Mary Leah Coco has big plans for her 42nd birthday in a few years. It’s an important milestone for someone diagnosed with heart failure at age 30.
Coco was aware of her family history of heart conditions. In summer 2008, she was pregnant with her daughter, Annie, when her mother was diagnosed with a hole in her heart at age 54. She’d always been told the issue was a heart murmur.
Two years later, Coco decided to visit Dr. Lance LaMotte (who treated her mother) for a wellness checkup. She was 30 and thought perhaps she was being paranoid about health issues because she was so young.
An echocardiogram, also known as an “echo,” later showed she had dilated cardiomyopathy – essentially an enlarged heart that has difficulty regulating blood flow. The left side of her heart was three times its normal size and operating at about 10 percent of its normal function.
Put simply, her heart was failing. It was Nov. 11, 2010 – Veterans Day. She remembers the experience like it happened yesterday.
“Looking back, I remember feeling exhausted, but I had a 2-year-old, was finishing my Ph.D. and working full time. I would have never known,” she recalled. “That’s why knowing your family history is so important.”
Coco was alone at the appointment and hearing such major news was understandably devastating. Dr. LaMotte suggested she call her husband and mother and ask them to join her before they talked more, a simple gesture that resonates with her all these years later.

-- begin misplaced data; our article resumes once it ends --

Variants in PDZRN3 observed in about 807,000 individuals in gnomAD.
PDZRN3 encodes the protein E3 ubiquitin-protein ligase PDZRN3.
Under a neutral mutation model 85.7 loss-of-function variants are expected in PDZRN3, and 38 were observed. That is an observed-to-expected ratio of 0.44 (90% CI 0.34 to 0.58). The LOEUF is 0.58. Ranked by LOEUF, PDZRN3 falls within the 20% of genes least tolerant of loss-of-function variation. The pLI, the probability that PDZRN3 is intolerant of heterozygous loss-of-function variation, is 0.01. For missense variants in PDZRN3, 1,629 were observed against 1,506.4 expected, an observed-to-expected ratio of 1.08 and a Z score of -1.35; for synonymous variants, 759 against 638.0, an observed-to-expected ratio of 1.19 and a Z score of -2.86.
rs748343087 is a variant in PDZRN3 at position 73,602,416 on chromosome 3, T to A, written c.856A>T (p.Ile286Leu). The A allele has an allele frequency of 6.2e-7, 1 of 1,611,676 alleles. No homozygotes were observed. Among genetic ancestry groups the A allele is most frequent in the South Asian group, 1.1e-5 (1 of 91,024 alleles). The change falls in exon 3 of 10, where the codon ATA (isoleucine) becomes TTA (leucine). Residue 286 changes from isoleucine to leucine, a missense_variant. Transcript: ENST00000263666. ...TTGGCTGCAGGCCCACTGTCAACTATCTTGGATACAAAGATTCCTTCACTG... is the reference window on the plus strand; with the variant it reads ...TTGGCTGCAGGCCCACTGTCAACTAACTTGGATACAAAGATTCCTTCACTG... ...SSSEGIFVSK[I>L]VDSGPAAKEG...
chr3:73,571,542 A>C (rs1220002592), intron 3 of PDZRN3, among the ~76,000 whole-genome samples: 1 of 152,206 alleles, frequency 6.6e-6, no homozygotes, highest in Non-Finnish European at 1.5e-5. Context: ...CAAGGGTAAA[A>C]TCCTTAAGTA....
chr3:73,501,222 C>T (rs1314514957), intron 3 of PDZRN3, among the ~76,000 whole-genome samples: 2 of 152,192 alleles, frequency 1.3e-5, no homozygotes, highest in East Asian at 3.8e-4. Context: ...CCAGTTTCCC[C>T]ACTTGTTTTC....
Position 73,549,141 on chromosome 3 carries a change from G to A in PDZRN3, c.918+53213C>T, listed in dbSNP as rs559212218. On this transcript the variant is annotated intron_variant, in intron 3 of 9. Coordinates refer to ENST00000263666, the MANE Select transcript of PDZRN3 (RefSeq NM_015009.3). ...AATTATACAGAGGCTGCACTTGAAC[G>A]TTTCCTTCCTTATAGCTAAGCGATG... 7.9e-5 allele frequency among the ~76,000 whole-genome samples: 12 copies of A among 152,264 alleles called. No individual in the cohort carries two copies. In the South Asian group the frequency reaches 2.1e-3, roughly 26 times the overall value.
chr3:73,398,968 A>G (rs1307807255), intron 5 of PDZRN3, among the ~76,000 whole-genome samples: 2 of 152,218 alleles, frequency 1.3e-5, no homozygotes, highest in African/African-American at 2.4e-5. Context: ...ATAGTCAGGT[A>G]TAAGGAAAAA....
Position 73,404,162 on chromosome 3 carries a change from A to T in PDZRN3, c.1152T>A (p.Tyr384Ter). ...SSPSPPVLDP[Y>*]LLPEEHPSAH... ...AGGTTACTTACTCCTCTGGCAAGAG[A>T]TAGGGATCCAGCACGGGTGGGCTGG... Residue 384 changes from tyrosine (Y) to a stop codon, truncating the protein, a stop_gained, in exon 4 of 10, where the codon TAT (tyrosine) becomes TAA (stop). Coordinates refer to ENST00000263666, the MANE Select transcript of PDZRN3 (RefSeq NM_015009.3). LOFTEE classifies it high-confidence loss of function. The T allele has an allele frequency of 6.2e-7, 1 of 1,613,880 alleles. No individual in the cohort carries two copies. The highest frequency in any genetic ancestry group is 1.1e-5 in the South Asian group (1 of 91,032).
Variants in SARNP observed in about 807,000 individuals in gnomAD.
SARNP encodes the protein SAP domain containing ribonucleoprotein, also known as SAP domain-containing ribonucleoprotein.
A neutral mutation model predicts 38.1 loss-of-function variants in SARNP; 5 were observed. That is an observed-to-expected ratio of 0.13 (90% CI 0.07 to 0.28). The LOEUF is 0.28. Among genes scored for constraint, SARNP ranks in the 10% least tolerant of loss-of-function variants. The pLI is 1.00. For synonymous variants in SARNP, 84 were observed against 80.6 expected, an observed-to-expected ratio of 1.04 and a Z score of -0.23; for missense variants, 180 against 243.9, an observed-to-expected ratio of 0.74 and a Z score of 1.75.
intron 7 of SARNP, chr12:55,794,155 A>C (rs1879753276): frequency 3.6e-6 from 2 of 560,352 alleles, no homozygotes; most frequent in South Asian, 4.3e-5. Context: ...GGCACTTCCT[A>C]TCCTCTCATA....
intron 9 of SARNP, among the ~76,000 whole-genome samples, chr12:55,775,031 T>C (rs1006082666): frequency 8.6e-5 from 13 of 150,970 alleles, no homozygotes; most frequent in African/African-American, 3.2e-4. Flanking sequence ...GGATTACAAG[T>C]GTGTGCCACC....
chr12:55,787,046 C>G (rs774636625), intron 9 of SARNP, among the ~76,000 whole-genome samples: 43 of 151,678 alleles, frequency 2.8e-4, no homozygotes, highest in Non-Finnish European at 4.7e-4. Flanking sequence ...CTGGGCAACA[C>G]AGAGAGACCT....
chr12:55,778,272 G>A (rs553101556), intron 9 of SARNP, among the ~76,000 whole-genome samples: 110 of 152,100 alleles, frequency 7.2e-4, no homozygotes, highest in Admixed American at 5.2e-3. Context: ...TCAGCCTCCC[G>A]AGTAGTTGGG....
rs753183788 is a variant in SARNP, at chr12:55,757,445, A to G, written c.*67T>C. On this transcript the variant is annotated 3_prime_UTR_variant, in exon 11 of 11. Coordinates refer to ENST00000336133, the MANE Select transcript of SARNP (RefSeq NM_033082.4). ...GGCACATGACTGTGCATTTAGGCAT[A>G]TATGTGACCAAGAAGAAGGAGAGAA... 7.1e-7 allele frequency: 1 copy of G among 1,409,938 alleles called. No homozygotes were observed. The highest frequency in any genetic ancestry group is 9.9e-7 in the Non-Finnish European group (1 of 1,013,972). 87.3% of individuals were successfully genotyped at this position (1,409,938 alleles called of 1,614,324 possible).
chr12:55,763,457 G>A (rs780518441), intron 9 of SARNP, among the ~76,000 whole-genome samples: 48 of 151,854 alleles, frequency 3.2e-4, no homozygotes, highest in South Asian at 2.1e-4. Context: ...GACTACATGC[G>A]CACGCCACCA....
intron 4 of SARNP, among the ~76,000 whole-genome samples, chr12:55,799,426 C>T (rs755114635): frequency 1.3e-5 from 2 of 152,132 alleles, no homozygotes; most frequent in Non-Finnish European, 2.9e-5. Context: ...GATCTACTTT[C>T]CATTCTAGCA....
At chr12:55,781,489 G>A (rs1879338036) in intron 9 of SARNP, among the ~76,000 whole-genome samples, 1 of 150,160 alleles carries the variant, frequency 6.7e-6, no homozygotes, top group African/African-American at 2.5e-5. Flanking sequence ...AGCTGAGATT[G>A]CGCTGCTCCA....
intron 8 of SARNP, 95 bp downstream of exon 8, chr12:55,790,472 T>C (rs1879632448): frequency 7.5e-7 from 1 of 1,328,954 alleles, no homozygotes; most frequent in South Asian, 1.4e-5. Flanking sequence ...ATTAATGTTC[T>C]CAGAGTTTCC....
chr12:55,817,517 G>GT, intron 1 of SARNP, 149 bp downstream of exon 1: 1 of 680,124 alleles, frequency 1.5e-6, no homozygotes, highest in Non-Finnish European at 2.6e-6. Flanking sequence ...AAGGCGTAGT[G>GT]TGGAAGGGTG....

“He shifted my perception on doctors,” she said. “We were back in the exam room with him for almost an hour, so I’m quite certain that ruined his entire schedule for the day. This was a really formative day in my life. He’s taught me that not all physicians are created equally and given me such a deeper appreciation for what they go through every day with patients. He’s such a wonderful person.”
Coco said she gave herself about 24 hours to wallow in the news and then was determined to stay positive.
“Life doesn’t stop,” she said. “It was a life-affirming moment. I made the decision that every day I was going to live life, volunteer, work and travel. I thought I was going to have four kids. I thought I’d run a marathon one day. I’ve had to re-envision what my life looks like, and that’s OK.”
Seven months after she was diagnosed, Coco blacked out while she was stopped in her car at a stoplight. A helpful stranger came to her rescue, putting the car in park and dialing 911. Coco had saved her medical information on her cellphone with the help of an American Heart Association app, so her helper was able to communicate necessary details to emergency responders.
Shortly after that incident, she had surgery to implant a defibrillator in her chest. The device reduces her risk of dying from sudden cardiac arrest. Because of her young age, Coco initially felt lonely living with heart failure.
“It’s almost as though no one knows what to do with you,” she recalled. “No one wanted to tell me I shouldn’t have more biological kids because my body couldn’t handle it. My friends didn’t know what to do. Heart disease is the No. 1 killer of men and women, but the treatment isn’t visible like other types of treatment. I look pretty normal. It’s almost like people forget that I’m sick. Sometimes, I forget I’m sick.”